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Old Posted Jan 26, 2004, 9:04 PM
FourOneFive FourOneFive is offline
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Join Date: Sep 2002
Location: New York City
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Originally Posted by Fabb

What an unusual design.
I like it a lot. Except the blind wall on the side.
Are there more renderings of this building ? (Or facts).
If you go to the architect's website,, there are plenty of facts/ renderings about the new building.

Here's an article from the San Francisco Building and Construction Trades Council from July of 2003:

Construction Begins on S.F. Federal Building

by Doug Perry

Public works projects continue to fuel the construction industry. Construction has begun in earnest on the new federal building located on the city block between Market, Mission, 7th and 8th Streets to the south of San Francisco's Civic Center. While the U.S. General Services Administration had held a 'groundbreaking' last July, site preparation, shoring and demolition proceeded slowly. The GSA will use Hunt, as the construction manager.

Originally the general contractor was to be a joint venture with the Dick Corporation of Pittsburgh Pennsylvania, Nibbi Brothers of San Francisco and The Morganti Group. Nibbi has since dropped out. Union signatory contractors already selected include Bay Area Reinforcing, Berkel & Company, piledriving; Marelich Mechanical Co., Peak Engineering, Performance Contracting, Permasteelisa Cladding, Rosendin Electric, Transbay Fire Protection, fire sprinklers; Webcor Concrete and Western Roofing.

The new 18-story federal building will enclose roughly 600,000 sq. ft. of office space, looking over a large open plaza to the south facing Mission Street. The building cafeteria will occupy a separate low-rise structure on the northwest corner of 7th and Mission that will also be open to the public. The energy efficient, modern structure will provide an interesting counterpoint to the recently restored classic architecture of the courts building on the other side of 7th, now housing the Ninth Circuit Court of Appeals. There had been some criticism by City Planning of the 'avant garde' design by architect Tom Mayne. The architect is SmithGroup Morphosis.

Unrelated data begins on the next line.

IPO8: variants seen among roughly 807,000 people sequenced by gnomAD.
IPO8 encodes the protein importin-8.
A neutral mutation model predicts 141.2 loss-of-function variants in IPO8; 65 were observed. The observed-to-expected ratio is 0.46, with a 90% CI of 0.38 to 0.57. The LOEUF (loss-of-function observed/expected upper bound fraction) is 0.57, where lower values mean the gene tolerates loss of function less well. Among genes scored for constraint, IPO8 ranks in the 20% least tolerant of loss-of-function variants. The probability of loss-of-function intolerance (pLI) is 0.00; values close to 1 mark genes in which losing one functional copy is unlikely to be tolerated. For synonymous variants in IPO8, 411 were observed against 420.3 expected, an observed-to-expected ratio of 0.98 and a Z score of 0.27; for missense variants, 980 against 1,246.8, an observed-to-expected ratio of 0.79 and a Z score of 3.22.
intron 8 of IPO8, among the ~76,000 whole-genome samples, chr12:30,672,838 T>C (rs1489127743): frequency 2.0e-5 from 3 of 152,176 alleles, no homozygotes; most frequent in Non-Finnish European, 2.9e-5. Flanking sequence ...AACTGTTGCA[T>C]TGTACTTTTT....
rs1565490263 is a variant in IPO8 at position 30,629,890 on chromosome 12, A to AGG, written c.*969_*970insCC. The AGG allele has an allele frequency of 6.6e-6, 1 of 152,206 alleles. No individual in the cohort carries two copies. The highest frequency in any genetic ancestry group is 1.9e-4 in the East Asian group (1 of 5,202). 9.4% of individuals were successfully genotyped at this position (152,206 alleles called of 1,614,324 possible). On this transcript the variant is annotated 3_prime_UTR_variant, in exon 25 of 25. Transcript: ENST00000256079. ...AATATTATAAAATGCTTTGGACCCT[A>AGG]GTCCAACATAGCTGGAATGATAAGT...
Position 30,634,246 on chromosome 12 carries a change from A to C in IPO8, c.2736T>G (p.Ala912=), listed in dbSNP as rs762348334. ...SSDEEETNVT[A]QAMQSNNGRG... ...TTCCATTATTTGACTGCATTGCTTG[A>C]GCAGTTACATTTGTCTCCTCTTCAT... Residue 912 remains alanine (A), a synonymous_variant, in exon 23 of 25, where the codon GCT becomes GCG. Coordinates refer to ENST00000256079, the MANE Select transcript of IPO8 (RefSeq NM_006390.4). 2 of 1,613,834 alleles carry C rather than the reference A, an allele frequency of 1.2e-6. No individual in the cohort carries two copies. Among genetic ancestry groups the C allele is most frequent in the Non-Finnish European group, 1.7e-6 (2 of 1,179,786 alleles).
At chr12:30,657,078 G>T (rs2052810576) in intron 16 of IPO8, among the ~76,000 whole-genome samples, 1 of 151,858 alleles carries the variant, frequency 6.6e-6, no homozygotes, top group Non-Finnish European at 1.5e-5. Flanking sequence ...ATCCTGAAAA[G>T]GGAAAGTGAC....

The building will be faced with a stainless steel screen to reduce heat gain, which will reduce the energy needed for both heating and cooling. Waved concrete ceilings will enhance the flow of air through the interior using the breezes coming off the ocean and San Francisco Bay. According to the Dick Corporation, office personnel above the fifth floor will be able to open their windows and let in fresh air. The GSA has estimated that the project will cost between $135 and $150 million.

Representatives from the new Joint Venture, the Dick Corporation and Morganti, outlined the status of the new project at a meeting with the Business Agents of The San Francisco Building Trades Council on Tuesday, June 17th. James Kreidler the Project Manager said that, while building permits were unnecessary because the project was being built on federal property, the GSA generally conforms to local planning guidelines. He promised that the building would be constructed using union signatories and union labor.

Tom DeMarco, the project manager, said that roughly half of the 1,100 piles for the foundation had been driven. He estimated substantial project completion by November of 2005. He reviewed the company policies regarding use of controlled substances, job safety and handling of toxins. Union business agents responded by pointing out the established procedures for dealing with these issues as covered in their union contracts.

There was some discussion of the method of selection for sub-contractors, to assure that they would be union. Contractors already selected include Bay Area Reinforcing, Hirshfeld Steel, Marelich Mechanical, Peak Engineering, Performance Contracting Inc., Permasteelisa, Cladding Technology, Rosendin Electric, Inc., Smith Emery, Vertrans Elevator, Webcor for concrete, and Western Roofing.

The General Supervisor, Ollie Whaley, said that crafts already on site included workers from the Carpenters, Laborers, Operating Engineers, Piledrivers and Electricians.

The new building will provide office space for the U.S. Social Security Administration, the Department of Labor, the Department of Health & Human Services and the Dept. of Agriculture.
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